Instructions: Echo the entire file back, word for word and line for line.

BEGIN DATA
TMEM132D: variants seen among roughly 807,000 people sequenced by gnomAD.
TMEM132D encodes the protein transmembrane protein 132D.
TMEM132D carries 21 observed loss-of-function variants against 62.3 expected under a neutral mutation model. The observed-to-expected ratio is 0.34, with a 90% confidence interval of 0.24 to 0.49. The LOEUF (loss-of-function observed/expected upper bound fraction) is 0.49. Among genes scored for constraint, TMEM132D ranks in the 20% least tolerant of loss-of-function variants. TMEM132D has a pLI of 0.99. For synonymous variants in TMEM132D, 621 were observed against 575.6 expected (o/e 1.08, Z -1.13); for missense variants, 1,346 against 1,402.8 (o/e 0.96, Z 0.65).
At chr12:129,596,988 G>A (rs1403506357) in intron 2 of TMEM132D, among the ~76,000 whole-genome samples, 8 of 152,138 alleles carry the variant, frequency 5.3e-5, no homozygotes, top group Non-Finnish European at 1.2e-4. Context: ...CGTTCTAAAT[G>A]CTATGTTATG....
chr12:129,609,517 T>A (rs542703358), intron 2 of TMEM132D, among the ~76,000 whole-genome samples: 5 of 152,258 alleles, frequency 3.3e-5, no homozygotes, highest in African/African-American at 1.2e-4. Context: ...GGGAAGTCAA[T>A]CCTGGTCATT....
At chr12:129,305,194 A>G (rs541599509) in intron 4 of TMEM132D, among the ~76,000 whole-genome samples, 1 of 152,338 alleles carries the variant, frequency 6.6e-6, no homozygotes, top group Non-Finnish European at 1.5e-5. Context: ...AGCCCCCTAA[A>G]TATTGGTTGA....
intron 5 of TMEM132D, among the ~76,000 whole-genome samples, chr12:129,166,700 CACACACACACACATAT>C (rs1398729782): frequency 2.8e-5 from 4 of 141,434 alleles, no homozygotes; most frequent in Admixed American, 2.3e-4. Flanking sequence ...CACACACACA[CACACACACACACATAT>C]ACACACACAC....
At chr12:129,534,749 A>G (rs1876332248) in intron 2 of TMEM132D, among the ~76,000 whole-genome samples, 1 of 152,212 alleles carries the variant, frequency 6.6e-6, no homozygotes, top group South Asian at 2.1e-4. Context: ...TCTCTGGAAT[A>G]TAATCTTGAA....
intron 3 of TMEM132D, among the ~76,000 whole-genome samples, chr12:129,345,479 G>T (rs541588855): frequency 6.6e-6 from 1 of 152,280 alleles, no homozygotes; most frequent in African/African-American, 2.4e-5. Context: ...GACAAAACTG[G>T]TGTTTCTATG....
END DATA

TMEM132D: variants seen among roughly 807,000 people sequenced by gnomAD.
TMEM132D encodes the protein transmembrane protein 132D.
TMEM132D carries 21 observed loss-of-function variants against 62.3 expected under a neutral mutation model. The observed-to-expected ratio is 0.34, with a 90% confidence interval of 0.24 to 0.49. The LOEUF (loss-of-function observed/expected upper bound fraction) is 0.49. Among genes scored for constraint, TMEM132D ranks in the 20% least tolerant of loss-of-function variants. TMEM132D has a pLI of 0.99. For synonymous variants in TMEM132D, 621 were observed against 575.6 expected (o/e 1.08, Z -1.13); for missense variants, 1,346 against 1,402.8 (o/e 0.96, Z 0.65).
At chr12:129,596,988 G>A (rs1403506357) in intron 2 of TMEM132D, among the ~76,000 whole-genome samples, 8 of 152,138 alleles carry the variant, frequency 5.3e-5, no homozygotes, top group Non-Finnish European at 1.2e-4. Context: ...CGTTCTAAAT[G>A]CTATGTTATG....
chr12:129,609,517 T>A (rs542703358), intron 2 of TMEM132D, among the ~76,000 whole-genome samples: 5 of 152,258 alleles, frequency 3.3e-5, no homozygotes, highest in African/African-American at 1.2e-4. Context: ...GGGAAGTCAA[T>A]CCTGGTCATT....
At chr12:129,305,194 A>G (rs541599509) in intron 4 of TMEM132D, among the ~76,000 whole-genome samples, 1 of 152,338 alleles carries the variant, frequency 6.6e-6, no homozygotes, top group Non-Finnish European at 1.5e-5. Context: ...AGCCCCCTAA[A>G]TATTGGTTGA....
intron 5 of TMEM132D, among the ~76,000 whole-genome samples, chr12:129,166,700 CACACACACACACATAT>C (rs1398729782): frequency 2.8e-5 from 4 of 141,434 alleles, no homozygotes; most frequent in Admixed American, 2.3e-4. Flanking sequence ...CACACACACA[CACACACACACACATAT>C]ACACACACAC....
At chr12:129,534,749 A>G (rs1876332248) in intron 2 of TMEM132D, among the ~76,000 whole-genome samples, 1 of 152,212 alleles carries the variant, frequency 6.6e-6, no homozygotes, top group South Asian at 2.1e-4. Context: ...TCTCTGGAAT[A>G]TAATCTTGAA....
intron 3 of TMEM132D, among the ~76,000 whole-genome samples, chr12:129,345,479 G>T (rs541588855): frequency 6.6e-6 from 1 of 152,280 alleles, no homozygotes; most frequent in African/African-American, 2.4e-5. Context: ...GACAAAACTG[G>T]TGTTTCTATG....